occur on Sunday. Another nuisance is the inequality in the length of the months and the random fashion in which the various lengths occur—this irregularity even requiring the memorizing of pretty little poems, such as "Thirty days hath September, etc." Still another evil is the starting a new year about one-third way through a season instead of each beginning at the same time. Still another is the ten days discrepancy between the beginning of the calendar year and the solar year, there being no good reason why they should not start together—say at the winter solstice, instead of a little after, as at present.
There is hardly room herein to fully discuss the question historically or to analyze all that is now being done to effect a reform in our curious calendar. It may, however, be interesting to get an idea of a modern view of the case by compiling a résumé of a series of articles upon calendar reform, written by various students of the subject during the past year or so.
Referring to Science, Vol. XXXII., p. 154, a communication from Professor Reininghaus advocates changing the present Gregorian calendar by starting the year with six months of 28 days (four whole weeks each) followed by a half-month of two weeks, then by six more such months and another half-month. This completes 364 days of the year. To them is added a non-week day, followed in leap-years by another day.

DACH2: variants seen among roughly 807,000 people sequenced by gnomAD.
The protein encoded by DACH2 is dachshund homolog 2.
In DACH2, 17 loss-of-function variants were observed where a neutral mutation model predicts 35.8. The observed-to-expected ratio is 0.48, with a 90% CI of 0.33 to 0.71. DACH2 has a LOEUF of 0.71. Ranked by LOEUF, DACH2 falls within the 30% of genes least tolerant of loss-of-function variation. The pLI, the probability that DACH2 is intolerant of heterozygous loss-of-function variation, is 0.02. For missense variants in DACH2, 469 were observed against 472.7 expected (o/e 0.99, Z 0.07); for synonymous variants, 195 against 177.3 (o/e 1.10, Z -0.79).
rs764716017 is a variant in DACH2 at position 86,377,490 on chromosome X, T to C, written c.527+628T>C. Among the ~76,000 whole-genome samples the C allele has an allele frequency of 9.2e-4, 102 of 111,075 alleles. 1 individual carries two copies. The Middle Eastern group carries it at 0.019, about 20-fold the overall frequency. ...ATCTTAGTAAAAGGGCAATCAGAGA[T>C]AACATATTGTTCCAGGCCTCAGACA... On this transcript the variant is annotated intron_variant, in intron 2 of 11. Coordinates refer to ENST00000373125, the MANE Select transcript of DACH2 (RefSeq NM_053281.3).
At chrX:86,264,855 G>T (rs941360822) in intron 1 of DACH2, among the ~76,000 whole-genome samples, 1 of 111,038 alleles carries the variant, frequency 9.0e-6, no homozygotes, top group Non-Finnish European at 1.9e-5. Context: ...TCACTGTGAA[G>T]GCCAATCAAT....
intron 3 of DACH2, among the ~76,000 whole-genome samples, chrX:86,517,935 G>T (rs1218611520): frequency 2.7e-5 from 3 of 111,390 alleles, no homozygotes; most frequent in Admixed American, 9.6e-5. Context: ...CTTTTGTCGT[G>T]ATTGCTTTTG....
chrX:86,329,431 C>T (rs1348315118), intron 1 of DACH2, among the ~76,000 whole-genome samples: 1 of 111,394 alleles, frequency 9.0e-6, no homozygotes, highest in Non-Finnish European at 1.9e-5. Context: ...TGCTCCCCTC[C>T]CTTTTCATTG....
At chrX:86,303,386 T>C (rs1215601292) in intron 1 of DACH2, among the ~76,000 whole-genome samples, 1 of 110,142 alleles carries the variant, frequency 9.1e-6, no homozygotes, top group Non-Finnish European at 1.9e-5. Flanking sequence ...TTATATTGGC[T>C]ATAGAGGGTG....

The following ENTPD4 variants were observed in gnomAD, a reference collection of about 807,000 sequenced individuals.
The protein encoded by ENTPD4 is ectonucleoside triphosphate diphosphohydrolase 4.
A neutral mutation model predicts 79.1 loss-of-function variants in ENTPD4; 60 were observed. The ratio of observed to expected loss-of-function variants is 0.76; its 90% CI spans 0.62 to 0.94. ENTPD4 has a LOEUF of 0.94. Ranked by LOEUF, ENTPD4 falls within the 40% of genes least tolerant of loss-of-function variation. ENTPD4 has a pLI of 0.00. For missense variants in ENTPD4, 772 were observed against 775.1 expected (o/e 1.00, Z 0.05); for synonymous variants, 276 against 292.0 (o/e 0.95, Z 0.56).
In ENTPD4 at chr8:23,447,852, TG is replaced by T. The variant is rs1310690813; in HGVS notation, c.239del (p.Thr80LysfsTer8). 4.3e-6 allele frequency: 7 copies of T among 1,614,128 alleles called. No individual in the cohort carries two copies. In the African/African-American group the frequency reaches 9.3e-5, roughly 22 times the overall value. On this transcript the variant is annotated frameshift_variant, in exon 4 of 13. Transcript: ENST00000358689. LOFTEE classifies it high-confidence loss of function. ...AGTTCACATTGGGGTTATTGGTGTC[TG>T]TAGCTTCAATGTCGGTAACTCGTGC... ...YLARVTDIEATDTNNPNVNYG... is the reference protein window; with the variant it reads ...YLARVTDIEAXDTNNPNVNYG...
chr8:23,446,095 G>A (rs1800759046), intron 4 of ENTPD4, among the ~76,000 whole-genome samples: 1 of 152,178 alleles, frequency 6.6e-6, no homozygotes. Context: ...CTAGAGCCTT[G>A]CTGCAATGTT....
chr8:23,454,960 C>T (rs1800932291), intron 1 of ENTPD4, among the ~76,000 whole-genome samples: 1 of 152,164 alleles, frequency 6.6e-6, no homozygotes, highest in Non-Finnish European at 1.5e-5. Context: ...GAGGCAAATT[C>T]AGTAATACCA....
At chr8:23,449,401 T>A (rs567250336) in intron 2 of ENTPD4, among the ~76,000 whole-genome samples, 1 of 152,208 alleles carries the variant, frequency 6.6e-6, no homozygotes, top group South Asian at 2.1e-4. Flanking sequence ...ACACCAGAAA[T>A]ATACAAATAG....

On page 306, same volume, Dr. Slocum quotes Mr. Cotsworth, of England, as recommending thirteen 28-day months, putting the extra one in midsummer and calling it "Sol." He then puts in an extra day, calling it "Christmas," and each four years inserts a "Leap-day."
On page 513 Professor Patterson quotes Sr. Hesse, of Chili, as advocating thirteen 28-day months, plus one or two necessary non-week days, suggesting that the new month shall come in winter and be called "Trecember." Professor Patterson, however, prefers to have the new month in summer and suggests "Roma" for its name. He also advocates that we number the hours of the day from 1 to 24, instead of putting in duplicate groups of twelve each, as now.
On page 556 Mr. Dabney agrees with the 13-month advocates above mentioned. He refers to possible difficulties in arranging the legal holidays, which seem to depend somewhat upon politics and public enthusiasm. He thinks that outside of the four old-fashioned ones, they had better be made to occur on Sundays so there would not be too many of them to interfere with regular weekly occupations.
On page 628, Dr. Cohen fears differences of opinion among followers of the various great religions, should some calendar reform be made universal. He proposes that we do not name the days at all, but simply number them from one to seven in each week as do now certain of the religious denominations, and as did the ancient Hebrews.